# Determining SF + Lye Discount?

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#### Mestiza Girl

##### Member
Hellooo my fellow soap makers. I've read in a few threads that determining SF is totally up to you based on your preference. However I've also read that certain oils or butters pair well with lower/higher SF. I've also briefly seen SF associated with the term "lye discount".. would someone please clearly define lye discount & explain the correlation between the two? And what helps you determine your SF percentage?

#### DeeAnna

##### Well-Known Member
Let's say you have a soap recipe that needs (picking numbers out of the air) 120 grams of NaOH to exactly saponify 450 grams of fat. When you make this recipe, there is no excess fat and there is no excess lye.

Strictly speaking -- To superfat the soap, you'd use the same 120 grams of NaOH, but you'd use more fat than 450 grams -- maybe 475 grams. The extra 25 grams of super (additional) fat will not saponify.

To do a lye discount, you'd use the original 450 grams of fat, but you'd use less NaOH, maybe 115 grams, instead of the full 120 grams. Again, using less lye means there is some fat left over that won't be saponified.

You add fat in the superfatting method and you take away lye in the lye discount method. The batch size increases when using the superfatting method -- the fat weight increases. The batch size decreases with the lye discount method -- the lye weight is reduced.

The unsaponified fat, regardless of the mathematical gyrations used, becomes the superfat in the finished soap.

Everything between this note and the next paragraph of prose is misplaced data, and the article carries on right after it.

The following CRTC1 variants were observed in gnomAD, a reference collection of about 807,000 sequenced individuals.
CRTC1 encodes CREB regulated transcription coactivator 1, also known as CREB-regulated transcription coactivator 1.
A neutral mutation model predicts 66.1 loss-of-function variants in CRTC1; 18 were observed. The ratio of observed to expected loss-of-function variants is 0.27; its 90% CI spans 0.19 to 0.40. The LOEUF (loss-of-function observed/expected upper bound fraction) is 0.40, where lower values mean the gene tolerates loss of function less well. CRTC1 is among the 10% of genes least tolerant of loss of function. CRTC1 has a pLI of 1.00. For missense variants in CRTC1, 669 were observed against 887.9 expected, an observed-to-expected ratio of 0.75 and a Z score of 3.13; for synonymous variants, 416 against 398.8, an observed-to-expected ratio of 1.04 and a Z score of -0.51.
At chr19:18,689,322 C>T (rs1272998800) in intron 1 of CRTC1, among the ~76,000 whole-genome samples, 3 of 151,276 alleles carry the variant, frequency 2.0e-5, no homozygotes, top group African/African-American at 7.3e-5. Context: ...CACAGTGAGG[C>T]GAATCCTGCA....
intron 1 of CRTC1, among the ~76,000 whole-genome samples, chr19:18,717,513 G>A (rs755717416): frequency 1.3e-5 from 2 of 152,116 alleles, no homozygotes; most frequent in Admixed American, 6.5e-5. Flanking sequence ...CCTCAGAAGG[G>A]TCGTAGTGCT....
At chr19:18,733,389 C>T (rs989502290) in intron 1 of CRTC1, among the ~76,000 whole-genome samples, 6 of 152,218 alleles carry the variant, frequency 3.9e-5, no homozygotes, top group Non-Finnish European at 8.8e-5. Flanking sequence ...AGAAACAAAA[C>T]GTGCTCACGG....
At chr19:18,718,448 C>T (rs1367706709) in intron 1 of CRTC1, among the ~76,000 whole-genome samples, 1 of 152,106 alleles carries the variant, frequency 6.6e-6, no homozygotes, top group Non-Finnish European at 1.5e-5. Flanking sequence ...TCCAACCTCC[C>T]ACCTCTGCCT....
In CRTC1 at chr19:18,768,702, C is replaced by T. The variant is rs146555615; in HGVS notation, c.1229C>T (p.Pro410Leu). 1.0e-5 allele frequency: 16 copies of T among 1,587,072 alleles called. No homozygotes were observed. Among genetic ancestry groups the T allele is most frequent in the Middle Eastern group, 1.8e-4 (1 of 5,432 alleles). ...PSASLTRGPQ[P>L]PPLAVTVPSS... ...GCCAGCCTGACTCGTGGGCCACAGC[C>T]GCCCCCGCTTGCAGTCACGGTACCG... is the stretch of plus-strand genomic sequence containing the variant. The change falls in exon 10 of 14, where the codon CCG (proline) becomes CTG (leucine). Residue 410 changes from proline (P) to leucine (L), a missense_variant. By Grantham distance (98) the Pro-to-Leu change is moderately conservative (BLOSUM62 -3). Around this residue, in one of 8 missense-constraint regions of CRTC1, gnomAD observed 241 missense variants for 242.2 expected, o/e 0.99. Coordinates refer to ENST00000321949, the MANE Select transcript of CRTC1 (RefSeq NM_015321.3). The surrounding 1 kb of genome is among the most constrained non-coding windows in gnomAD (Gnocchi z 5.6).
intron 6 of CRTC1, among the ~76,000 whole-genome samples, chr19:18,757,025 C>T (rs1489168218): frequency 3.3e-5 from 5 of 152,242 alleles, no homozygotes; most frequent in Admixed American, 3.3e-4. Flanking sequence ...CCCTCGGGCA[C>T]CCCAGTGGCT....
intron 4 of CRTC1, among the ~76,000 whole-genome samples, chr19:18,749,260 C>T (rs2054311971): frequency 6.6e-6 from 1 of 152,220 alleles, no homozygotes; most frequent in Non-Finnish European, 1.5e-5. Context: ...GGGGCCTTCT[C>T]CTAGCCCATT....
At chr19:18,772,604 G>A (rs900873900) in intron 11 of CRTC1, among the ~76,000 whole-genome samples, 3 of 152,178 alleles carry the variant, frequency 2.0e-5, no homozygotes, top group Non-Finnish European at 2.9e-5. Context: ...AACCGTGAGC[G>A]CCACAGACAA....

Now that I've defined the strict definitions of these concepts, I have to say most people most of the time talk about superfat and lye discount if they are totally interchangeable. The soap recipe calcs do likewise. Most of us and most of the calcs are doing a lye discount calculation, but we aren't too strict on the terminology -- we might call it a lye discount or we might call it a superfat.

A lot of bath soap recipes nowadays seem to be superfatted from 2% to 8%, more or less. When I first started soaping in 2012, I seem to recall many people used somewhat higher superfats -- maybe closer to 5%-10%. There are hot trends in soap making just like anywhere else.

There are some soaps that are exceptions to this 2-8% superfat range. Probably the best known exception is the 100% coconut oil soap. If used for bathing, most people superfat this soap in the 15% to 20% range.

Last edited:

#### Mestiza Girl

##### Member
Let's say you have a soap recipe that needs (picking numbers out of the air) 120 grams of NaOH to exactly saponify 450 grams of fat. When you make this recipe, there is no excess fat and there is no excess lye.

Strictly speaking -- To superfat the soap, you'd use the same 120 grams of NaOH, but you'd use more fat than 450 grams -- maybe 475 grams. The extra 25 grams of super (additional) fat will not saponify.

To do a lye discount, you'd use the original 450 grams of fat, but you'd use less NaOH, maybe 115 grams, instead of the full 120 grams. Again, using less lye means there is some fat left over that won't be saponified.